A Charles Sturt University (CSU) intelligence expert has welcomed the forthcoming review of Australian intelligence agencies as vital for addressing the ever-changing international security environment.
"The review is needed as Australian intelligence agencies are addressing increasingly complex threats such as cyber-terrorism, the changing strategies of terrorists towards lone wolf attacks, and the resurgence of state based threats such as China and Russia," said Associate Professor Patrick Walsh, a former intelligence analyst and intelligence academic with CSU's Australian Graduate School of Policing and Security.
Professor Walsh said the Turnbull government should be applauded for establishing the review, as the threat environment was more complex now than immediately after the 9/11 attacks.
"We have also seen a resurgence of state-based agents who are using cyber-attacks for espionage to gain political and commercial advantages," he said.
The Gillard Labour Government carried out the last major independent review of Australia's intelligence agencies in 2011.
Professor Walsh said the new review should broadly aim to achieve four objectives.
"First, the review needs to map the latest changes in the security environment against the current capability of the Australian Intelligence community.
"Second, it needs to comprehensively investigate to how intelligence is being collected, analysed and disseminated. Are there more efficient and cost effective ways to do this?"
Professor Walsh also said the review needed to study how each intelligence agency handles change, in both the technological and political environments.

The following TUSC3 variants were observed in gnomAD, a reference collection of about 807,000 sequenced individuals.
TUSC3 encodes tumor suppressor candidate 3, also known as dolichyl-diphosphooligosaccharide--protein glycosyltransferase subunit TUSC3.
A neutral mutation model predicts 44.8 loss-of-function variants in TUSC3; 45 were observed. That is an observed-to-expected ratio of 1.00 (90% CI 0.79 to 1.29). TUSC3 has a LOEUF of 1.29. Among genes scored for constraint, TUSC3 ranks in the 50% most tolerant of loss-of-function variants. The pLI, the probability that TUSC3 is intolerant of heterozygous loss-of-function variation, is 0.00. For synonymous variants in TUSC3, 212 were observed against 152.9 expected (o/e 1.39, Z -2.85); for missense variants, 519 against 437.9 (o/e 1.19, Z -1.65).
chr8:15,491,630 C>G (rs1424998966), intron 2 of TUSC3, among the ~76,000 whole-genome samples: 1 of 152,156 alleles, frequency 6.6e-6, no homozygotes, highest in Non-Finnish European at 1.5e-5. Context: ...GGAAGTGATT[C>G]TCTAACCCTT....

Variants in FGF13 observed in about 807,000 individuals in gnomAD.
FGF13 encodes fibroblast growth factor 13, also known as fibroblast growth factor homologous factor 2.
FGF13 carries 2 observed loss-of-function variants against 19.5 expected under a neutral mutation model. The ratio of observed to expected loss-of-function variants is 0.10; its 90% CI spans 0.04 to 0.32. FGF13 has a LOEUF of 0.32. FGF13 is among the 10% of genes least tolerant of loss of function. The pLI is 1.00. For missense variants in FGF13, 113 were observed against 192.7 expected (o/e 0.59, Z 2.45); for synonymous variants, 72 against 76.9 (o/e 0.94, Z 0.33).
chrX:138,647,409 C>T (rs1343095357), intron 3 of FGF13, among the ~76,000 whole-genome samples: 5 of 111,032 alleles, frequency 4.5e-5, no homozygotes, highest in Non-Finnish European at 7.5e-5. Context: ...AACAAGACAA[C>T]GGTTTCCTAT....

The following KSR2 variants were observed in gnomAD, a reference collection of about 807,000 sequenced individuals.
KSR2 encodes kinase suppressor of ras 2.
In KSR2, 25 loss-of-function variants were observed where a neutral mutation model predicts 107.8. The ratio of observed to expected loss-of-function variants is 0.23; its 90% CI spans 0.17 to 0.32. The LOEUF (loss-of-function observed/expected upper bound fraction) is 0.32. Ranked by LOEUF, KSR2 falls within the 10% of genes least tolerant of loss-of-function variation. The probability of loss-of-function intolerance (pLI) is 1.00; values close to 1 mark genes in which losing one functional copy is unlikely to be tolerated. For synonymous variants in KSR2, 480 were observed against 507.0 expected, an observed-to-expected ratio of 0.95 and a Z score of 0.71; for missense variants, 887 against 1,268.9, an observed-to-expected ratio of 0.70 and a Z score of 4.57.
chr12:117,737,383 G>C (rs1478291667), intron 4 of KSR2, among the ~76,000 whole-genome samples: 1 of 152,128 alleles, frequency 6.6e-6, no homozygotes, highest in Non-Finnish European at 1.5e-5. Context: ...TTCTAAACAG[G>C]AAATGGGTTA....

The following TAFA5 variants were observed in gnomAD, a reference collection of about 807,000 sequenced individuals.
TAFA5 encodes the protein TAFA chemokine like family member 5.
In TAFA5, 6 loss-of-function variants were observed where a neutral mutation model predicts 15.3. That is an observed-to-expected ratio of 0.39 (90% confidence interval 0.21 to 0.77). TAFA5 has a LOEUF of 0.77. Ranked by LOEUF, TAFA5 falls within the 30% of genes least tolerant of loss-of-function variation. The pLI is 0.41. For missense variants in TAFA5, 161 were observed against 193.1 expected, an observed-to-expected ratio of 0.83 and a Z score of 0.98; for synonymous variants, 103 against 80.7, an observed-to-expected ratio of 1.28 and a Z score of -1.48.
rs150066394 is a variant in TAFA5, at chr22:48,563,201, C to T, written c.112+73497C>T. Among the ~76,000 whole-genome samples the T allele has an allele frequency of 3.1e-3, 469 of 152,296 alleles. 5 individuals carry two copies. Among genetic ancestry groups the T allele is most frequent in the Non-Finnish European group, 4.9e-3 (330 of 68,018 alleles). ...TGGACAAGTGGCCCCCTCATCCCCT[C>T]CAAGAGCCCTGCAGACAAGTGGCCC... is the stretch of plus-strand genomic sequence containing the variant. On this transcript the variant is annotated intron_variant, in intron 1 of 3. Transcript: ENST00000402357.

"We need to look at the use of technology by the intelligence workforce. The big question is whether the current analytical workforce is still fit for the massive changes in technology and changed threat profile. The ongoing dilemma is do we need more generalists or more specialist analysts?" Professor Walsh said.
"The review should also study intelligence leadership. While the intelligence community is not failing, previous reviews, particularly in US, have shown leadership is crucial for creating sustainable and resilient intelligence organisations.
"Intelligence leaders must be able to bring their organisations with them on the reform initiatives required to address an ever-changing security environment."
Finally, Professor Walsh said the review should consider current provisions for oversight and accountability.
"Given the growing complexity of national counter-terrorism legislation which allow a more proactive approach to intelligence collection and the impact of the Edward Snowden case on the community's perception of intelligence agencies, we need to review current oversight mechanisms such as the Parliamentary Joint Committee for Intelligence and Security and the role of the independent intelligence umpire, the Inspector General of Intelligence and Security," Professor Walsh said.